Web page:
Victoria Azarenka checked the Miami weather forecast for Saturday afternoon, saw the temperature was expected to soar to 90 degrees with high humidity, and braced herself for a grueling midday Miami Open women’s final against Svetlana Kuznetsova.
That, she said, might explain why her 6-3, 6-2 victory wasn’t as pretty as spectators would have liked. But she was still delighted to win her third title here, her third title this year, and improve her season record to a tour-best 22-1.
The former world No. 1 moves up to No. 5 after dropping below 30 in 2014 following a pair of injury-plagued seasons. And although Serena Williams is still ranked No. 1, Williams hasn’t won a title since last August, and Azaranka is inspired to regain her status as one of the dominant players on tour.
Azarenka became just the third woman to complete the “Sunshine Sweep’’ — back-to-back titles in the desert conditions of Indian Wells, California, and the steamy, windy conditions in Key Biscayne.
Kim Clijsters did it in 2005, and Steffi Graf did it in 1994 and ’96.
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“We shouldn’t underestimate the conditions,’’ Azarenka said. “It was pretty rough. It was really humid and hot. And even though it didn’t seem like it was a lot of wind, [there were] a lot of gusts. It created a lot of difficulty to serve, especially on the side against the sun.”
Kuznetsova agreed: “I don’t think it was unbelievable tennis, and it was difficult conditions. But, look, I did what I could, and today was not definitely my good day. I couldn’t see the ball [at the start], but it got better. At 1:00, 1:15 it’s bad sun. [At] 1:30, 1:40 moves a little bit away. On the deuce side it’s really bad for couple games and then goes to ad side. So you have to just hang in there.”
There were breaks of serve in eight of the first nine games, with Azarenka managing the only hold. Azarenka kicked the ball in frustration at one point during the match and hit another ball into the stands, drawing a code violation.
But when all was said and done, Azarenka had firmly re-established herself one of the tour’s top players after fading into an afterthought in 2014. Foot and thigh injuries limited her, and she questioned whether she would ever be healthy enough to win big tournaments.
She also lacked some hunger after reaching the pinnacle of her sport. But Azarenka never for a moment questioned her ability, she said.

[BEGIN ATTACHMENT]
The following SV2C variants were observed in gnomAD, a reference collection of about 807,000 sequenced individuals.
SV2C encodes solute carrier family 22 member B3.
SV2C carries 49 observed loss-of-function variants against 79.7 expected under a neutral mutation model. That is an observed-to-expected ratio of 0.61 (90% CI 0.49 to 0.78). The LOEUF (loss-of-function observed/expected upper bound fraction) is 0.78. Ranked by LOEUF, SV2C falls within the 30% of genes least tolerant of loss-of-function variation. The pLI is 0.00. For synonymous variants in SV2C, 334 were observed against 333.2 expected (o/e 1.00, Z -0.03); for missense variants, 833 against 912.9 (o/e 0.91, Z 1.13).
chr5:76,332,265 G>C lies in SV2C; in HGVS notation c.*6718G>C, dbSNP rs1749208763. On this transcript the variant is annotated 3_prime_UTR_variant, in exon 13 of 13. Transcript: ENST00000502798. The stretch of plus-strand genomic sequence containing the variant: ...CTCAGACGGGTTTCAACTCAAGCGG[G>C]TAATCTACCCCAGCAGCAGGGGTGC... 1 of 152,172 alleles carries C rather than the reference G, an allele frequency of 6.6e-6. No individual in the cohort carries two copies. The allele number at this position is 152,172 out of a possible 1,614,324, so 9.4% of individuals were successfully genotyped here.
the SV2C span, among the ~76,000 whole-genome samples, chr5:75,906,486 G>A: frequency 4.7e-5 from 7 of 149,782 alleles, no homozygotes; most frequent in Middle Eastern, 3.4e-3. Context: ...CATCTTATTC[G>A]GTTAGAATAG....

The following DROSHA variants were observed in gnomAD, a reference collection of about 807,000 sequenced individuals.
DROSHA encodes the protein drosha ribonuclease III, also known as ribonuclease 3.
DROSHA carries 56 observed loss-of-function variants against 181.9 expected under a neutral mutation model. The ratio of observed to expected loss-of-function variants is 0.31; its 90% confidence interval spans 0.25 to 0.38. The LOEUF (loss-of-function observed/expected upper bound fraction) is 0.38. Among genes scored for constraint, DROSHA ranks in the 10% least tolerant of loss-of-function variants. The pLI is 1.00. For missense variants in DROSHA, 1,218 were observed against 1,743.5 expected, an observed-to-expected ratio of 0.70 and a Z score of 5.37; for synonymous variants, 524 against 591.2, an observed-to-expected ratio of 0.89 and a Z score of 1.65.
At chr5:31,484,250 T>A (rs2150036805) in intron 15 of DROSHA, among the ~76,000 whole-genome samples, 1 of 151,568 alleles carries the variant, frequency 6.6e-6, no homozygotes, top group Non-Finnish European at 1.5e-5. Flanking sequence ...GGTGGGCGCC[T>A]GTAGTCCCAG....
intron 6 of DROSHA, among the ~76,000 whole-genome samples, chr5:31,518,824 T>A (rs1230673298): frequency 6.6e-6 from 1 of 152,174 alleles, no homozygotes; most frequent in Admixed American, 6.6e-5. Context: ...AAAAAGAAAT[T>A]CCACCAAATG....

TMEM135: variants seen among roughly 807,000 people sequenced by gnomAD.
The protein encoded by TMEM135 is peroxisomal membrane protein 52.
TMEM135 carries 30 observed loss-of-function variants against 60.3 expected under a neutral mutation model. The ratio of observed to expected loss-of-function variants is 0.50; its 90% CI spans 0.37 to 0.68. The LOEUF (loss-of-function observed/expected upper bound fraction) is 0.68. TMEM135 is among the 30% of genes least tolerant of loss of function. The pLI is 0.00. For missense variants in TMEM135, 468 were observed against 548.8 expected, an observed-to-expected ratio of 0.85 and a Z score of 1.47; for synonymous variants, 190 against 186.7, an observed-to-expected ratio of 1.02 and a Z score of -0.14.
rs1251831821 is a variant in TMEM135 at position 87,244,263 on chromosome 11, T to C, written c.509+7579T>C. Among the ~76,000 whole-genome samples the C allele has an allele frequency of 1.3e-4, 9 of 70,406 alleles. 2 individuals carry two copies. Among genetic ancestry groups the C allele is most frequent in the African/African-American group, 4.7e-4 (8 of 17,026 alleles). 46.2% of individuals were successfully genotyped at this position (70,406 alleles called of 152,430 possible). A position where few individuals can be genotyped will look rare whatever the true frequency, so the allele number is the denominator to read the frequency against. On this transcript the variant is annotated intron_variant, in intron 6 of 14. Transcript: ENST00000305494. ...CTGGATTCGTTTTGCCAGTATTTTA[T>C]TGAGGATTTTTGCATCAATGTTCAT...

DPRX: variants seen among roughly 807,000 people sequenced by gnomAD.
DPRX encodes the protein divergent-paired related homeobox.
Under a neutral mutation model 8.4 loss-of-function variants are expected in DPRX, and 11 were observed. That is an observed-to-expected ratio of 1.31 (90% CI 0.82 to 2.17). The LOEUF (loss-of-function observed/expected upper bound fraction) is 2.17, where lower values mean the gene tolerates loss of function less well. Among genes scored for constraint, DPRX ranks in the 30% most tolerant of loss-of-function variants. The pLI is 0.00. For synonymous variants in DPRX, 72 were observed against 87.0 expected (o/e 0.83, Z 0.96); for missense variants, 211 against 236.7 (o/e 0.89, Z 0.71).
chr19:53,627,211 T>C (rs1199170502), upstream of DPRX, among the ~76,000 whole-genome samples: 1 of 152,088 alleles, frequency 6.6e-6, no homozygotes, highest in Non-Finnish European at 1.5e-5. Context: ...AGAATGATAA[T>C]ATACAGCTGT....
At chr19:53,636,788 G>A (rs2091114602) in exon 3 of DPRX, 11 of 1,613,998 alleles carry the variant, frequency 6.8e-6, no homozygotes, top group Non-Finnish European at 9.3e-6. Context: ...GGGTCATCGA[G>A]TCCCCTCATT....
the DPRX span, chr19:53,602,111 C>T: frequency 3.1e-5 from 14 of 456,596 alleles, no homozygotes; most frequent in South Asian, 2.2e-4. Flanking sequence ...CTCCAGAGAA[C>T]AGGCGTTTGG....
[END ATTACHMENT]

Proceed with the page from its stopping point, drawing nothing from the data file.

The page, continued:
“The most difficult thing that would hold me back was my body wasn’t responding well to training, to matches, and I was unhealthy, I wasn’t fit enough,” she said. “And, after I think the point when you reach your goals, number one, Grand Slams, there’s a tip of mentality where you kind of drop your motivation a little bit, if you don’t put the work in it can sway you away.
“I definitely had some difficulties mentally to get back with my motivation, but I never doubted my abilities. … I believe in myself. I believe I’m good. If you don’t believe you’re the best, you might as well not go out there.”
She attributed her recent success to her hard work during the offseason with trainer Jean Pierre Bruyere.
“He kicked my butt,” she said.
Azarenka said she is highly motivated to have a good clay season and prove detractors wrong who say she can’t win on that surface. Asked about the possibility of overtaking Williams as No. 1, the Belarussian heaped praise on the American.
“Serena is, I have said it many times, one of the players who makes me push myself and with the stats and records she owns, she’s the toughest competitor out there,” Azarenka said. “For me, there is a great challenge to have her, because it always will push me to improve.”
Kuznetsova was asked if the women’s game is opening up with Williams struggling a bit.
“I feel that Serena, she can get on top of the game, as with [Azarenka],” Kuznetsova said. “There are good players who can shock top players, and it’s quite open. But you have to see how Serena will go to clay. You never know. If she’s [in a] good mood, not good mood, good fit, not fit, you never know. But when Serena is her best, I mean, it’s tough.”
In the men’s doubles final, the French No. 5 seeds of Pierre-Hugues Herbert and Nicolas Mahut defeated unseeded Raven Klaasen of South Africa and Rajeev Ram of the United States 5-7, 6-1, 10-7. It was the French team’s 10th victory in a row after winning their first Masters title at Indian Wells. They are the first French team to win the doubles title in Key Biscayne.